Dickens has been a companion to me for most of my life. He makes me laugh out loud and he makes me cry. He is an escape for me in troubled times. I love his language, wit and satire. I love his passion for reform. He was not a politician but his writing affected the course of history. I love feeling satisfied at the end of his books. He ties up all the loose ends and does not leave me up in the air as so many modern novels do. Dickens was a renaissance man, having his finger in every pie of his age. His books reflect this with their many diverse topics. I learn so much about so many things. I love history and, because he was so observant, I really feel that I have had a realistic glimpse at the Victorian age.
I find that when I am reading a Dickens novel, I cannot put it down. I am hooked early on and held by the suspense. I think this comes from the serialized form his works were offered in. He needed to keep his readers interested month to month. I think that is why his characters are so memorable. As one of our members pointed out, they are so familiar even today. It was once said by a woman long ago, that she never met a character in her current life that she hadn’t first met in the pages of Dickens. His characters have universal traits so they seem fresh even today.
Although Dickens words are long and his plots are complex, his themes are clear and his heroes and villains are larger than life and easy to love or hate. Dickens himself had a very complex life and personality and it is so interesting to see himself woven into his books. You can trace characters out of his own life in his novels. It offers a chance to look for clues to Dickens himself. Aside from his own mysterious insertions, his books often offer a mystery or secret, often even a murder and there is no shortage of suspense. Nor is there a shortage of romance. Although Dickens’s relationships and opinions about women (His mother, young sister-in-law, his wife, his mistress) were controversial and his depictions of women often criticized, I think there is a lot of variety in his characterizations of women, ranging from pathetic, bland, one dimensional, innocent maidens to tough, wise matrons, like Betsy Trotwood or Peggoty or villains like Mrs. Bumble or complex women like Miss Havisham or Lady Deadlock.
His descriptions are amazing and so detailed. Indeed, some places or attributes, like the fog in “Bleak House”, the rookeries in “Oliver Twist” or the marshes in “Great Expectations” take on a character of their own.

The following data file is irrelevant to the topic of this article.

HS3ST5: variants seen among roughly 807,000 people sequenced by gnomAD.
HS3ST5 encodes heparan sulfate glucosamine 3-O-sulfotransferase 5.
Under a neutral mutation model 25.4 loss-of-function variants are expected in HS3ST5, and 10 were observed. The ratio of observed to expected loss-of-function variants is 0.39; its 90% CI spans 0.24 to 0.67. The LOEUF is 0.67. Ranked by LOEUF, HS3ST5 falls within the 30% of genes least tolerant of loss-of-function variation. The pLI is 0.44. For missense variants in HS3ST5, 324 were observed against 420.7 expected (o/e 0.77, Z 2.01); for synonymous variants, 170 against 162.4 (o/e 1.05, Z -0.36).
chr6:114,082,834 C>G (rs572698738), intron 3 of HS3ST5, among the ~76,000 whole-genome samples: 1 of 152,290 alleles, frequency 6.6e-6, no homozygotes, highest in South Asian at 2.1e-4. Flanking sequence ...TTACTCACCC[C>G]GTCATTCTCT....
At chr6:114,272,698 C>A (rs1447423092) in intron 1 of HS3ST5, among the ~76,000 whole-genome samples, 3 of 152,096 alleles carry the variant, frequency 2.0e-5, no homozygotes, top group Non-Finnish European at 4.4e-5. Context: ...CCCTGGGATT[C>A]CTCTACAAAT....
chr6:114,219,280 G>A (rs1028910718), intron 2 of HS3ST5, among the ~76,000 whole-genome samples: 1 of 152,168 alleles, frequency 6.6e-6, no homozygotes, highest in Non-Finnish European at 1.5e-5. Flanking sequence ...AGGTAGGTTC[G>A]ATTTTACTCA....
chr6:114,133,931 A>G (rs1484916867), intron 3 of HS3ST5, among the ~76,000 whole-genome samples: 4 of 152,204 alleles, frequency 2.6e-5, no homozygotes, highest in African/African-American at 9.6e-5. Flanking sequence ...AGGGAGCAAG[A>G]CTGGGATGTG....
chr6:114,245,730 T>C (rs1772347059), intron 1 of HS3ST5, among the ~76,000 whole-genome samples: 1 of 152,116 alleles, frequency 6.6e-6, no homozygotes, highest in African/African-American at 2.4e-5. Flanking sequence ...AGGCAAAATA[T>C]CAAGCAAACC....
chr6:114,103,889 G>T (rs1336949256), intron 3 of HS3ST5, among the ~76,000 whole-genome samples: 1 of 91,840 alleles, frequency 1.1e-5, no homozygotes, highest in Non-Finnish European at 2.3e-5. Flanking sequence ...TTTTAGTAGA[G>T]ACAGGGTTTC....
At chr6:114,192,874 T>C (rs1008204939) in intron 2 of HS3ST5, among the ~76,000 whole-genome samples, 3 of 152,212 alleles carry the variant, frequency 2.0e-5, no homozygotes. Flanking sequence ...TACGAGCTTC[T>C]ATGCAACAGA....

Why Bleak House?
Bleak House features all of the above and more! Although it is a very large and very complex novel, its plots, characters, themes and social messages are interwoven masterfully. It is very large in scope in every way and truly has something for everyone!
It is Dickens’s 9th novel, written in 20 monthly instalments (32 pages, 2 illustration, and loads of advertising) at a cost of one shilling per issue and published by Bradbury and Evans. His last novel to be illustrated by “Phiz”(Hablot Knight Brown), it was written March 1852-September 1853, between “David Copperfield” and “Hard Times”, at the height of Dickens’s popularity. He was a superstar in his own time and perhaps he felt his fame gave him a certain power and in fact responsibility to effect change in the world around him. “Bleak House” is very reflective of Dickens’s world. It is a biting satire on the social ills of his day and a scathing commentary on the British legal system, especially the courts of equity, dealing in estates, wills, deeds, etc.
In “Bleak House”, Dickens takes on not only the law, but also poverty, poor sanitation, overcrowded cemeteries, smallpox, opium addiction, colonial policy, “telegraphic’ philanthropy, and the uselessness of antiquated aristocracy. It reflects Dickens’s disdain for the Great Exhibition at the Crystal Palace and even explores scientific discoveries of the day. It has a dinosaur, primordial ooze, madness, religious buffoons and someone with a daughter named “Quebec”.